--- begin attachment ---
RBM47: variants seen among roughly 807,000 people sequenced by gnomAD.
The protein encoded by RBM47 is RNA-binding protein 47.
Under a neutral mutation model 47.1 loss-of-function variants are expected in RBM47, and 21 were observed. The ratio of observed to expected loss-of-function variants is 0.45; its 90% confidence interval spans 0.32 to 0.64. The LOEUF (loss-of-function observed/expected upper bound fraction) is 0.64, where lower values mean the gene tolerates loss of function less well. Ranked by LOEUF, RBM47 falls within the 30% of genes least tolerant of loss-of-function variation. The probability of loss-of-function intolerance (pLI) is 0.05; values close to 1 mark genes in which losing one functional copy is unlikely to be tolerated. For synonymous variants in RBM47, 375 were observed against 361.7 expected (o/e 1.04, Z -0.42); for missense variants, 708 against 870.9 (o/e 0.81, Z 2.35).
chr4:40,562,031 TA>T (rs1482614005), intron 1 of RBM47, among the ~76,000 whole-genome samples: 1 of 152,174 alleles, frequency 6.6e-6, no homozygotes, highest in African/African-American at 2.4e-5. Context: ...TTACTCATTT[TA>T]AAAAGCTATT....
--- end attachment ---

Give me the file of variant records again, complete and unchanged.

RBM47: variants seen among roughly 807,000 people sequenced by gnomAD.
The protein encoded by RBM47 is RNA-binding protein 47.
Under a neutral mutation model 47.1 loss-of-function variants are expected in RBM47, and 21 were observed. The ratio of observed to expected loss-of-function variants is 0.45; its 90% confidence interval spans 0.32 to 0.64. The LOEUF (loss-of-function observed/expected upper bound fraction) is 0.64, where lower values mean the gene tolerates loss of function less well. Ranked by LOEUF, RBM47 falls within the 30% of genes least tolerant of loss-of-function variation. The probability of loss-of-function intolerance (pLI) is 0.05; values close to 1 mark genes in which losing one functional copy is unlikely to be tolerated. For synonymous variants in RBM47, 375 were observed against 361.7 expected (o/e 1.04, Z -0.42); for missense variants, 708 against 870.9 (o/e 0.81, Z 2.35).
chr4:40,562,031 TA>T (rs1482614005), intron 1 of RBM47, among the ~76,000 whole-genome samples: 1 of 152,174 alleles, frequency 6.6e-6, no homozygotes, highest in African/African-American at 2.4e-5. Context: ...TTACTCATTT[TA>T]AAAAGCTATT....